Colorado cake artist Jack Phillips is going on 11 years of being harassed by LGBT activists and government authorities for being a practicing Christian.
It was 2012 when Phillips was first hauled before his state’s speech tribunal for telling a gay couple he’d happily sell them anything in his shop but he couldn’t create a custom wedding cake celebrating sexual activities that his religion says are wrong. Last Thursday, Colorado’s Court of Appeals ruled he must bake a transgender celebration cake or face legal consequences beyond the 11 years of legal and social harassment he’s already endured — and counting.
The U.S. Constitution unmistakably protects not only the freedom of speech but also the freedom of Christian worship. The First Amendment, which the Supreme Court holds is now extended beyond Congress to state governments, is extremely clear: “Congress shall make no law respecting an establishment of religion, or prohibiting the free exercise thereof; or abridging the freedom of speech.”
U.S. governments may not prohibit the free exercise of religion, nor the freedom of speech. On both these counts, Phillips’ rights are clear and ought to be secured by courts.
Instead, however, his natural human rights have been ceaselessly mutilated by not only the entire machinery of Colorado courts but also the U.S. Supreme Court. In 2018, the Supreme Court ruled in Phillips’ favor, yet in such a narrow ruling as to allow a venomous transgender activist to immediately haul him back into court after speciously demanding that Phillips bake a transgender celebration cake.
In 2018, the Supreme Court rebuked the Colorado judicial apparatus for expressing clear animus against Phillips’ Christian beliefs. It did not, however, back the clear First Amendment protections that ought to allow Phillips to worship God peaceably and bake whatever he wants for any reason whatsoever. So Phillips has been made an example by the rapacious LGBT lobby whose end goals are erasing Americans’ free speech and religious exercise rights as well as inserting government meddling into every personal relationship, all marks of totalitarianism.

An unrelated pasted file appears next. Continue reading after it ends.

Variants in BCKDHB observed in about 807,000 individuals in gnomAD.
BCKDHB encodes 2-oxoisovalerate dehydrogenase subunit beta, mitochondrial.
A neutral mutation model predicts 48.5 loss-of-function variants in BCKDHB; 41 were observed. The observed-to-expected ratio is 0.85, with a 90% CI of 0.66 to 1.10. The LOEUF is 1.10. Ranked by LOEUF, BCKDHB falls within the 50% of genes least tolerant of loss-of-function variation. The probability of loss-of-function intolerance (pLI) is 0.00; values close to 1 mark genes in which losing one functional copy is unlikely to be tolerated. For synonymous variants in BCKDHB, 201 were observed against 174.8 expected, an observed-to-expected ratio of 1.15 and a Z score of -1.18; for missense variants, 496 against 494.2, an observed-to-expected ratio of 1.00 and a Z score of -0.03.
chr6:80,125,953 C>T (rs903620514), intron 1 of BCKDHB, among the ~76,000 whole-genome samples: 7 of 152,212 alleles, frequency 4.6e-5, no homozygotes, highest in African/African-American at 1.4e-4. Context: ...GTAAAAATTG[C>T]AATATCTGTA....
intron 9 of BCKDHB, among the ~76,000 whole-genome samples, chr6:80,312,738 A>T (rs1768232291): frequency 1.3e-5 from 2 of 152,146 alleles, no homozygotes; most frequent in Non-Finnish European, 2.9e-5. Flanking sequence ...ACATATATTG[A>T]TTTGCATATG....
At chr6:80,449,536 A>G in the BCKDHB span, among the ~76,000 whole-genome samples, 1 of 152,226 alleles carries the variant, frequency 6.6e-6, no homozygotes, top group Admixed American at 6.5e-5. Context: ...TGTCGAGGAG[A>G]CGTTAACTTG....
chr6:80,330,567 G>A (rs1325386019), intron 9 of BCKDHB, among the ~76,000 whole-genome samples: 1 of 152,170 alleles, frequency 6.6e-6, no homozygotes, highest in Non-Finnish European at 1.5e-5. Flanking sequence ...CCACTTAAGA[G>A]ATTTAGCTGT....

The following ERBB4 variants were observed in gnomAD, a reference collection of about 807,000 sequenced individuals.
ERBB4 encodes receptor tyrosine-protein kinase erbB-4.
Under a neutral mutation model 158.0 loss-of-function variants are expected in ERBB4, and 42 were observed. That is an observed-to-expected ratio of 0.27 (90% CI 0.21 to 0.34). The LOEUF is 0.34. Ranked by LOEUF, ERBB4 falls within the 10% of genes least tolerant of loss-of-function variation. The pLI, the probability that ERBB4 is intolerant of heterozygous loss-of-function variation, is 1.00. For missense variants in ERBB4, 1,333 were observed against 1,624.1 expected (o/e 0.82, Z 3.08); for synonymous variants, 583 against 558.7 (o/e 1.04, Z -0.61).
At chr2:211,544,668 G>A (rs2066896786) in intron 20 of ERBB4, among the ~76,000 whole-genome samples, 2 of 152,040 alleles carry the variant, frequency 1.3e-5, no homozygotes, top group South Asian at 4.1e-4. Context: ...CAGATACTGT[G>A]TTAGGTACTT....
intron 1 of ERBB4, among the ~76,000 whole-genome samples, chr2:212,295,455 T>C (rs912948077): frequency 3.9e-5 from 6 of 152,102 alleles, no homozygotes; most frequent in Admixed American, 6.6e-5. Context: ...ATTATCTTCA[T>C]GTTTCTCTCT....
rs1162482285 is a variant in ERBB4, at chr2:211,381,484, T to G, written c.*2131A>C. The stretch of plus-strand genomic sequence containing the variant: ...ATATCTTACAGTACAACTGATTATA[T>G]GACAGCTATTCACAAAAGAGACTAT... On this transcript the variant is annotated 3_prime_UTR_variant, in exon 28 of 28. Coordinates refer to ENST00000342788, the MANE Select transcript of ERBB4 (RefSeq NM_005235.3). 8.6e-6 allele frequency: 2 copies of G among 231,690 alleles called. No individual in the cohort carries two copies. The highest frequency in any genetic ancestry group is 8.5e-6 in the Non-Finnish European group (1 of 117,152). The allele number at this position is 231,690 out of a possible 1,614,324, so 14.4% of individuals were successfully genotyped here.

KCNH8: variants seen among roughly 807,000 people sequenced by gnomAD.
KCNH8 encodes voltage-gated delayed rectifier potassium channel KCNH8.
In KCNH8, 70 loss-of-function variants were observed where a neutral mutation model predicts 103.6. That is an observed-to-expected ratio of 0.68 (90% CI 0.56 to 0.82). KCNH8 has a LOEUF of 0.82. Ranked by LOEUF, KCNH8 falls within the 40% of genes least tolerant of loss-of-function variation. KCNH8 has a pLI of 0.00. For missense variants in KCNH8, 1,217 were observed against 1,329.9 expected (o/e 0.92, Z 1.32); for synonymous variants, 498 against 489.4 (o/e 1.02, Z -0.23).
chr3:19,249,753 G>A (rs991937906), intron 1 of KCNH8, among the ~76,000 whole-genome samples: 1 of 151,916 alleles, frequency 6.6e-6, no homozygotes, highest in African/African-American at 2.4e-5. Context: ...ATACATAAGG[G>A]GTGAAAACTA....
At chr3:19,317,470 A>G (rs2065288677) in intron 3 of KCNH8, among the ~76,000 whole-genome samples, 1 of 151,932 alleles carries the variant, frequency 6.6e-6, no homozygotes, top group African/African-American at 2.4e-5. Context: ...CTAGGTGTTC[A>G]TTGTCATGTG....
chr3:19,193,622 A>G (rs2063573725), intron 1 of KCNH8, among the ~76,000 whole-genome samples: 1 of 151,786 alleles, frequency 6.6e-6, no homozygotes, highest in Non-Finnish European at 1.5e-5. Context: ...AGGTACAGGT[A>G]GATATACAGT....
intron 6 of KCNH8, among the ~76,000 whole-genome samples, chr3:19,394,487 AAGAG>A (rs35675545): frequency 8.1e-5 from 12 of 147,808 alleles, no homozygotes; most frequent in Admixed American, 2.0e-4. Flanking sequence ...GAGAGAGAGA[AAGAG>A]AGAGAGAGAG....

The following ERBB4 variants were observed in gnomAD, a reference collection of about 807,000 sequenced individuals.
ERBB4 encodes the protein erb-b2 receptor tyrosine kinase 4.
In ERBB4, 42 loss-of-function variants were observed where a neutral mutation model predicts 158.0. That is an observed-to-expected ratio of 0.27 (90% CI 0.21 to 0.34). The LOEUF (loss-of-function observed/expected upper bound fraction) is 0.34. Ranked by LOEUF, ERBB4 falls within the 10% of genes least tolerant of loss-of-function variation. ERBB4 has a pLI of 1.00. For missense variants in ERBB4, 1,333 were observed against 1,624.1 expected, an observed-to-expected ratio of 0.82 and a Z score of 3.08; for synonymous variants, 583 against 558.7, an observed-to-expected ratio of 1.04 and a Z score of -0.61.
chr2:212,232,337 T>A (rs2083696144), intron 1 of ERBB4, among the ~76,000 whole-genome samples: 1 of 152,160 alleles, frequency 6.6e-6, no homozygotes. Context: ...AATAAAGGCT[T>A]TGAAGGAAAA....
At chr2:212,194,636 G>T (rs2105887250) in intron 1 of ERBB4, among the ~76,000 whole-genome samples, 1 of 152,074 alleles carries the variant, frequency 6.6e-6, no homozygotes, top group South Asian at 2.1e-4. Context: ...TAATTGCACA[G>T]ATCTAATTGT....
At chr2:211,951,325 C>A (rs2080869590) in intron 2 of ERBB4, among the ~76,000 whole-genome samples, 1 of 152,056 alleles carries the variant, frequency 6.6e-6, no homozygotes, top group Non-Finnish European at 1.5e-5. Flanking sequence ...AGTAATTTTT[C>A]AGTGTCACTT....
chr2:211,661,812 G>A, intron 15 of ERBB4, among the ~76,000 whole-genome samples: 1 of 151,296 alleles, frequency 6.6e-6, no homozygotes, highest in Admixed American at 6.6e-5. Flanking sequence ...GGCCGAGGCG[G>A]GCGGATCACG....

The Supreme Court allowed this unconstitutional and anti-freedom regime to proliferate while pretending to check it with weak and ineffectual action. The court’s bench, however, has been significantly altered since 2018. And another case is pending before the court that allows it the opportunity to right its 2018 refusal to clearly back free speech and freedom of religious exercise in the United States, in line with the clear wording of the nation’s supreme law, the U.S. Constitution.
That case is 303 Creative v. Elenis, in which another Coloradan has been put on trial for her faith. That case involves a Christian wedding website designer. In oral arguments, Lorie Smith’s legal harassers asserted that ancient Christian beliefs about sex and marriage — which are shared by the world’s other largest and oldest faiths, including Islam and Judaism — are tantamount to racism.
In its rebuke of Colorado’s treatment of Phillips, the 2018 Supreme Court treated the same line of argumentation as “a clear and impermissible hostility toward [Phillips’] sincere religious beliefs.” It’s time for the Supreme Court to rectify its own errors and Colorado’s.
The Supreme Court is designed for more than negotiating grown adults’ nursing of their hurt feelings and telling government entities to stop being mean in public. It is designed to secure the legal protection of Americans’ inalienable natural rights, many of which are enumerated in our supreme law, the Constitution.
Two of those are the freedom of speech and the freedom to peaceably and publicly worship, all without government reprisals. These have been clearly violated for more than a decade by the state of Colorado.
In 2018, the Supreme Court failed to secure these core rights, not only for Jack, but for every one of the millions of Americans who know two men can’t make a baby. Protecting our inalienable rights is the Supreme Court’s one job, yet it again failed in that sacred obligation. Because of that failure, Americans are suffering as the pink police state continues to expand.
Not only should we hope and pray the Supreme Court finally ends the state-sponsored persecution of religious Americans in its decision on 303 Creative v. Elenis, but we should also insist that our representatives refuse to ever vote for any judge at any level who so fundamentally misunderstands the Constitution and the eternal human rights that supreme law protects. Further, no government official should enforce clearly unconstitutional edicts that abridge America’s rights to free speech and freedom of worship and unleash odious harassment on honest, law-abiding Americans who just want to live as their consciences dictate.
It’s not just the Supreme Court’s job to enforce the Constitution. It’s every American’s.